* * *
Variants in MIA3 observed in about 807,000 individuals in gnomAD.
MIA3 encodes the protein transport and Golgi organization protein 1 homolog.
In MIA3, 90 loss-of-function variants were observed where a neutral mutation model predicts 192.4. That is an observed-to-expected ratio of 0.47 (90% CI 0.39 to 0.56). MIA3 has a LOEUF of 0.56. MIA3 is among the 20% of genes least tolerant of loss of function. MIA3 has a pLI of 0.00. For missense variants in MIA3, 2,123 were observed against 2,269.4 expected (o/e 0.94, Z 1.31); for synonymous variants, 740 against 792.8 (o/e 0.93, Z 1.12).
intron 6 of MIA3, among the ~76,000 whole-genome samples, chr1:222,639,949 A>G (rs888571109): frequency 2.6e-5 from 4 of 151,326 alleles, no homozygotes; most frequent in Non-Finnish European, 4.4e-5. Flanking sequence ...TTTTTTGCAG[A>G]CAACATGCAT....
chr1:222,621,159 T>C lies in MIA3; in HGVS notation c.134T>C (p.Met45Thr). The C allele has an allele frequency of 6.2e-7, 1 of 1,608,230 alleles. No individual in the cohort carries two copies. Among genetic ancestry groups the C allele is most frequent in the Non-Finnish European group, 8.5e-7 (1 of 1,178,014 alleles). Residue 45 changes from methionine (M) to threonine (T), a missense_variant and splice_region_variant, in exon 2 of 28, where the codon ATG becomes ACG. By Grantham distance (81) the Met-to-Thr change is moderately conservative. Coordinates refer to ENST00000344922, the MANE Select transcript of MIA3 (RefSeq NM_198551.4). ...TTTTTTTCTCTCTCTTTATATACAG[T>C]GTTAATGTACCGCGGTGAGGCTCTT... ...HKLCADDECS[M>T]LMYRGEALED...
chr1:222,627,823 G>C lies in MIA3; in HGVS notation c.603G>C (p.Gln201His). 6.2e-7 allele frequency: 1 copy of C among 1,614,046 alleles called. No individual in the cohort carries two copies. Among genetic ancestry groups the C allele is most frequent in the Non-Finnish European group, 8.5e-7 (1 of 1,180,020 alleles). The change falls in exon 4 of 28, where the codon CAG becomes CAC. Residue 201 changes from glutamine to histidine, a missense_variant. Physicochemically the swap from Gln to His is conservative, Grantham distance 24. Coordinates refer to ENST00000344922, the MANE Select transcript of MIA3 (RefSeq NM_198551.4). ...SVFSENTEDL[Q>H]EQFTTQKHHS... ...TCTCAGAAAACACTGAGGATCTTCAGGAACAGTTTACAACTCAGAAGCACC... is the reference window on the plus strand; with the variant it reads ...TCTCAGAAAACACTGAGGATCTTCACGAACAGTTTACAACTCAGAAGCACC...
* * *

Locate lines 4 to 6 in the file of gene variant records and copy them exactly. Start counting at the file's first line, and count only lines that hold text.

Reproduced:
intron 6 of MIA3, among the ~76,000 whole-genome samples, chr1:222,639,949 A>G (rs888571109): frequency 2.6e-5 from 4 of 151,326 alleles, no homozygotes; most frequent in Non-Finnish European, 4.4e-5. Flanking sequence ...TTTTTTGCAG[A>G]CAACATGCAT....
chr1:222,621,159 T>C lies in MIA3; in HGVS notation c.134T>C (p.Met45Thr). The C allele has an allele frequency of 6.2e-7, 1 of 1,608,230 alleles. No individual in the cohort carries two copies. Among genetic ancestry groups the C allele is most frequent in the Non-Finnish European group, 8.5e-7 (1 of 1,178,014 alleles). Residue 45 changes from methionine (M) to threonine (T), a missense_variant and splice_region_variant, in exon 2 of 28, where the codon ATG becomes ACG. By Grantham distance (81) the Met-to-Thr change is moderately conservative. Coordinates refer to ENST00000344922, the MANE Select transcript of MIA3 (RefSeq NM_198551.4). ...TTTTTTTCTCTCTCTTTATATACAG[T>C]GTTAATGTACCGCGGTGAGGCTCTT... ...HKLCADDECS[M>T]LMYRGEALED...
chr1:222,627,823 G>C lies in MIA3; in HGVS notation c.603G>C (p.Gln201His). 6.2e-7 allele frequency: 1 copy of C among 1,614,046 alleles called. No individual in the cohort carries two copies. Among genetic ancestry groups the C allele is most frequent in the Non-Finnish European group, 8.5e-7 (1 of 1,180,020 alleles). The change falls in exon 4 of 28, where the codon CAG becomes CAC. Residue 201 changes from glutamine to histidine, a missense_variant. Physicochemically the swap from Gln to His is conservative, Grantham distance 24. Coordinates refer to ENST00000344922, the MANE Select transcript of MIA3 (RefSeq NM_198551.4). ...SVFSENTEDL[Q>H]EQFTTQKHHS... ...TCTCAGAAAACACTGAGGATCTTCAGGAACAGTTTACAACTCAGAAGCACC... is the reference window on the plus strand; with the variant it reads ...TCTCAGAAAACACTGAGGATCTTCACGAACAGTTTACAACTCAGAAGCACC...